Contain the excitement

Now you need to choose the containers in which the gifts will be showcased. Customers love unique container ideas, says August, who has used photo boxes, bamboo trays, ice buckets, movie tins, punch bowls and trunks.

Sonia says that just about “anything can act as a container, from a mug to a box of product, such as a box of tea with chocolate on top.” She has also used trays, an aquarium, a coffee pot, a teapot and even a lemonade pitcher with lemonade mix and cups inside. Wholesalers such as All Wrapped Up create virtually limitless container designs. Merrill says that All Wrapped Up’s holiday line featured containers in the shapes of poinsettias and deer. For a corporate gift, there was a globe container that once emptied could be used as a desktop keepsake. Wald Imports, a company based in Kirkland, WA, wholesales a wide variety of gift containers including suitcases, fish tackle boxes and even wagons.

Frazier has worked with items such as a flower pot, a wok, a salad spinner, a wagon and an upturned umbrella. August says that when shipping gifts, she prefers more enclosed containers such as decorative boxes to reduce cost. Thompson uses a standard white metal bucket for many of her gift baskets, then designs a beautiful label for the bucket.

Once you have your container and components, it’s important to remember a few design tips.

  • Use a smaller container to make the gift look overflowing and abundant.
  • Design with various shapes and heights, says Newell.
  • A taller, more vertical display has a higher perceived value and will sell for more, says Sonia.
  • Include creative accents to give your baskets that extra, thoughtful touch, like including an attractive cheese slicer in a wine and cheese basket, says Stacey Owen from Cole and Ashcroft, a Houston, TX-based supplier of gift basket materials.

Storage headaches?

Storage is already a challenge for many retailers, and adding gift baskets can make it worse. If storage is a major issue, a benefit of selling pre-made baskets is that after displaying a few, most can usually be stored in the shipping boxes in which they arrive, says Sonia. She manages her storage issues by storing seasonal items and moving inventory based on the season. Even though Sonia has no storefront, she has a limited amount of space that gets very crowded, especially around holidays like Christmas and Mother’s Day. August rents an off-site storage unit for the Christmas season. Sonia uses stackable bins and shelving to help make use of a small work area. She also finds it useful to hang as much component material, such as ribbon, on the wall above her work area. August likes to use trays as containers because they stack easily and are easier to store in large quantities. She has also found that timing deliveries of materials coming in and completed baskets going out is crucial to ensure that she has enough room for everything. Newell recommends that retailers keep a close eye on food expiration dates, and that they store food in climate-controlled areas.

Marketing and merchandising

Once you have some sample baskets assembled, place them strategically around your store in various displays. Include gift baskets as part of various vignettes in your store. For example, if you have a baby area, include a gift basket that groups some of the baby items you sell. Some retailers, like August, have a gift basket section where all the different varieties of baskets are displayed together. She displays them on different levels, where they can be easily viewed.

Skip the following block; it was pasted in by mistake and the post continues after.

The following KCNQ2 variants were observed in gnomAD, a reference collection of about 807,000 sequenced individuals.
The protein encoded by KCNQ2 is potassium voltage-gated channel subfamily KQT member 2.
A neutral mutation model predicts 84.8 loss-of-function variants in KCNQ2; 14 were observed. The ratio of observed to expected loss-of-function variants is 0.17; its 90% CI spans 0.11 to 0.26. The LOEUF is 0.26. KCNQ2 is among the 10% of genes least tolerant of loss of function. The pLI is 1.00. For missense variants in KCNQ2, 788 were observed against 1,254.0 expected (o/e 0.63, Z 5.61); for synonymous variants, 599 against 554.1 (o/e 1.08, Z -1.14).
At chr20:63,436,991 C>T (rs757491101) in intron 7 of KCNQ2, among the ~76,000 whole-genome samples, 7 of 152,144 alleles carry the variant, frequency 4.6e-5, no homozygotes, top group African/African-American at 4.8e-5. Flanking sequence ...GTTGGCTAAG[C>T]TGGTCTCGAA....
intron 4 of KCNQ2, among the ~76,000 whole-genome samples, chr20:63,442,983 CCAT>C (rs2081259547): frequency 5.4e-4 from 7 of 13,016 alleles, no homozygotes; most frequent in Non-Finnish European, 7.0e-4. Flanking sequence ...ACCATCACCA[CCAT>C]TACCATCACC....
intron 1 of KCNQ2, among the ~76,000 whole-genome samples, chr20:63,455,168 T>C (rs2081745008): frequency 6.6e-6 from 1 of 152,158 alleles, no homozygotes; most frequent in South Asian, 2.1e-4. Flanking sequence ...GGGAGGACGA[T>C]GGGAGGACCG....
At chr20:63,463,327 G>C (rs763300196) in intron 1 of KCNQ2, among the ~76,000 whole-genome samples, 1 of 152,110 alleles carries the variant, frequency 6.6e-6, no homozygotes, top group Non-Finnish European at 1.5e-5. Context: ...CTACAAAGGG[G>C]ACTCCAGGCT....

Renee Schouten, sales and marketing director of Too Good Gourmet, a wholesaler of gift containers and components, recommends including a tasting of gourmet gift basket items alongside the displays to attract interest. Include clear signage that lets your customers know that you have baskets available, and that you can create custom baskets. Sonia recommends that retailers include signs with messages such as, “If you don’t find what you’re looking for, ask us and we’ll design it for you.”

Schouten suggests messages that let customers know you hand-select your items. She also suggests giving examples of how you design your gift baskets. And remember when pricing baskets that you are offering a service and will need to include the cost of labor in your price. According to Frazier, the average price of a single gift basket is $45 to $50. This of course will depend on your particular clientele.

Corporate clients

Marketing to corporate clients is a great way to exponentially increase your customer base. It’s not as difficult as you may imagine, Frazier says. Start out by taking stock of the companies located near your store. Get information from your customers about their employers’ human resources and public relations departments. August recommends joining your local Chamber of Commerce and attending networking events. Once you have identified some companies you would like to market to, call or send a postcard with information about your gift basket service. Invite them to your store for a tour and consultation, at which time you can show them samples and offer a tasting. Steven Rose of burton + Burton, a wholesaler based in Bogart, GA, recommends identifying a core group of target companies, then delivering baskets with information about your services. Schouten recommends that you advertise in the local newspaper and perhaps in a special food or gift issue. Frazier says that networking and word-of-mouth reign supreme when it comes to growing your business, so you should call your friends and neighbors, and talk to your current customers about your gift baskets.

Online presence

Having an online presence can be a great way to increase your gift basket business. Most of your customers likely live hectic lives and the convenience of shopping online and buying a complete gift at any time of day can increase sales and customer loyalty. Sonia has created a successful business online and says she’s hardly had to market it, even though she operates out of a small town in New Hampshire. Whether you plan to sell your gift baskets locally or around the world, having a website will offer your gift basket customers the convenience for which they are likely searching. For retailers looking to add corporate clients, a website is paramount, says August. “They always look online first,” she says.

Consider learning how to make gift baskets, choose a few key occasions, make up a small number of designs at a few price points, and begin marketing to individuals and corporations in your area. You may just end up with a wildly successful gift basket business.